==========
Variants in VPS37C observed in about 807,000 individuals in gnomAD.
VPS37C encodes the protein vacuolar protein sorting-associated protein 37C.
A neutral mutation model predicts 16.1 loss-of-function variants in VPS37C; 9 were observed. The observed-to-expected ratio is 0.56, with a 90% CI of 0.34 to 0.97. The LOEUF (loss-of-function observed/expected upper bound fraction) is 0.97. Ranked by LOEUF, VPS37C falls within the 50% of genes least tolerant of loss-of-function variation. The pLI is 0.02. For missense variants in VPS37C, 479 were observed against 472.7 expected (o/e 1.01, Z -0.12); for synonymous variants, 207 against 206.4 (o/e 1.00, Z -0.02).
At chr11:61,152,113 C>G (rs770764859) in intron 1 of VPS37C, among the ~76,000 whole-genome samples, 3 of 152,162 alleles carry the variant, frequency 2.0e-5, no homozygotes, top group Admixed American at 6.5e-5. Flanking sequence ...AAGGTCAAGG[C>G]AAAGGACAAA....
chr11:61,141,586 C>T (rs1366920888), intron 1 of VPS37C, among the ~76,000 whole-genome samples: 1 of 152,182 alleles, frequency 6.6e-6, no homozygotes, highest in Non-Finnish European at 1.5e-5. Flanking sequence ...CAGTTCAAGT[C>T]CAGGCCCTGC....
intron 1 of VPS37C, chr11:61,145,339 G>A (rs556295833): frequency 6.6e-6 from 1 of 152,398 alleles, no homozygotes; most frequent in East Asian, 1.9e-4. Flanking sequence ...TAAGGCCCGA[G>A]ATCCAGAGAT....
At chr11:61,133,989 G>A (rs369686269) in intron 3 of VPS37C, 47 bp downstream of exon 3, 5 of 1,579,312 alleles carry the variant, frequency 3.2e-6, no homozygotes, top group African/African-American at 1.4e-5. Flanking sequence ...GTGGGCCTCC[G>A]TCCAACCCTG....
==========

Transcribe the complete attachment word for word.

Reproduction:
Variants in VPS37C observed in about 807,000 individuals in gnomAD.
VPS37C encodes the protein vacuolar protein sorting-associated protein 37C.
A neutral mutation model predicts 16.1 loss-of-function variants in VPS37C; 9 were observed. The observed-to-expected ratio is 0.56, with a 90% CI of 0.34 to 0.97. The LOEUF (loss-of-function observed/expected upper bound fraction) is 0.97. Ranked by LOEUF, VPS37C falls within the 50% of genes least tolerant of loss-of-function variation. The pLI is 0.02. For missense variants in VPS37C, 479 were observed against 472.7 expected (o/e 1.01, Z -0.12); for synonymous variants, 207 against 206.4 (o/e 1.00, Z -0.02).
At chr11:61,152,113 C>G (rs770764859) in intron 1 of VPS37C, among the ~76,000 whole-genome samples, 3 of 152,162 alleles carry the variant, frequency 2.0e-5, no homozygotes, top group Admixed American at 6.5e-5. Flanking sequence ...AAGGTCAAGG[C>G]AAAGGACAAA....
chr11:61,141,586 C>T (rs1366920888), intron 1 of VPS37C, among the ~76,000 whole-genome samples: 1 of 152,182 alleles, frequency 6.6e-6, no homozygotes, highest in Non-Finnish European at 1.5e-5. Flanking sequence ...CAGTTCAAGT[C>T]CAGGCCCTGC....
intron 1 of VPS37C, chr11:61,145,339 G>A (rs556295833): frequency 6.6e-6 from 1 of 152,398 alleles, no homozygotes; most frequent in East Asian, 1.9e-4. Flanking sequence ...TAAGGCCCGA[G>A]ATCCAGAGAT....
At chr11:61,133,989 G>A (rs369686269) in intron 3 of VPS37C, 47 bp downstream of exon 3, 5 of 1,579,312 alleles carry the variant, frequency 3.2e-6, no homozygotes, top group African/African-American at 1.4e-5. Flanking sequence ...GTGGGCCTCC[G>A]TCCAACCCTG....